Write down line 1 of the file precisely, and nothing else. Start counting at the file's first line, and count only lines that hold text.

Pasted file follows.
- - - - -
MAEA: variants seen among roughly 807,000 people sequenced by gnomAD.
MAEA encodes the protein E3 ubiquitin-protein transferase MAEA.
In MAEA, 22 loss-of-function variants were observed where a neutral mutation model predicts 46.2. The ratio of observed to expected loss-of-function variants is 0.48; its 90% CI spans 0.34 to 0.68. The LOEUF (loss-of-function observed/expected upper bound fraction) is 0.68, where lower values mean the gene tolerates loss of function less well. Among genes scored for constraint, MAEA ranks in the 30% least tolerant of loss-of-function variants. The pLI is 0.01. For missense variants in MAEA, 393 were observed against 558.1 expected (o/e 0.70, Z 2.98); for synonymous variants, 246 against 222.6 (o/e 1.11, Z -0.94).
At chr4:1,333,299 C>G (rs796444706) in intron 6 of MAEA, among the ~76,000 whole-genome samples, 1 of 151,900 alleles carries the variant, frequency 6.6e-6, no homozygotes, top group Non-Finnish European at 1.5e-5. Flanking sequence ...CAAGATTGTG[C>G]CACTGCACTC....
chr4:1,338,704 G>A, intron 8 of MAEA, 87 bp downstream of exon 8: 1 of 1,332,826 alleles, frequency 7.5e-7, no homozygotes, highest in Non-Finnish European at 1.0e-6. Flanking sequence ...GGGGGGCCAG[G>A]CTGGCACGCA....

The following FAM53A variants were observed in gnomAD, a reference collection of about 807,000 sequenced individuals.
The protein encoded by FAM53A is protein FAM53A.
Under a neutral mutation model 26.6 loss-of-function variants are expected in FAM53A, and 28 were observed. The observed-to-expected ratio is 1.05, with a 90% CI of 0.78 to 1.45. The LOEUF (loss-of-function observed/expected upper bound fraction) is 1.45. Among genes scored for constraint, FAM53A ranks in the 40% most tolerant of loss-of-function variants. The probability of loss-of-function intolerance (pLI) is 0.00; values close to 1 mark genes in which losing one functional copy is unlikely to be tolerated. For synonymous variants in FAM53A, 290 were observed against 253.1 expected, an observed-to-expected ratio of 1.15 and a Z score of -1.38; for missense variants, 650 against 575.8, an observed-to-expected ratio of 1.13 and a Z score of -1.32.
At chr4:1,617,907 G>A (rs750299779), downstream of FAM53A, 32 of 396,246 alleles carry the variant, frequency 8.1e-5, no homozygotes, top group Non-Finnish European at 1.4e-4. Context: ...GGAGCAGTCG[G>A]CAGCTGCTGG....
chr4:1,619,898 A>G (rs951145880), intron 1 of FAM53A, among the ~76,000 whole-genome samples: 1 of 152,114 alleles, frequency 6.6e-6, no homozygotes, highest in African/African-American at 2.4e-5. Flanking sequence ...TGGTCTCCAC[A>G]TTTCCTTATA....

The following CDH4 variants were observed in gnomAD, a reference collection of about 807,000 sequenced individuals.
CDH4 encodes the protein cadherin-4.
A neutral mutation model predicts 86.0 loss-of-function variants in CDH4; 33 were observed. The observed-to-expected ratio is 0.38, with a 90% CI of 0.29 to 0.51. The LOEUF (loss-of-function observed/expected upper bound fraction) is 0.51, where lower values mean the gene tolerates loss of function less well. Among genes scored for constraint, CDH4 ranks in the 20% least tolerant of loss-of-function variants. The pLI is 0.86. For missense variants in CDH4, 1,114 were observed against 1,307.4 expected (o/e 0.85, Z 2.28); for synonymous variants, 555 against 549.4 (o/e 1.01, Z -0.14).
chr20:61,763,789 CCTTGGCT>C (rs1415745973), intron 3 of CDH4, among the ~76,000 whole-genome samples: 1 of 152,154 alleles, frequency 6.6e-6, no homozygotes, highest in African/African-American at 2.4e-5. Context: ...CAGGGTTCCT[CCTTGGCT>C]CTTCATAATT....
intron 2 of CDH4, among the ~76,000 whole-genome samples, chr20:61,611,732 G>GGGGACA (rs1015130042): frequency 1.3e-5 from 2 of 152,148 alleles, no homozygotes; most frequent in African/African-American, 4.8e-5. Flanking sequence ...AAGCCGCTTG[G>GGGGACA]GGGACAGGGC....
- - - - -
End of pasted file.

MAEA: variants seen among roughly 807,000 people sequenced by gnomAD.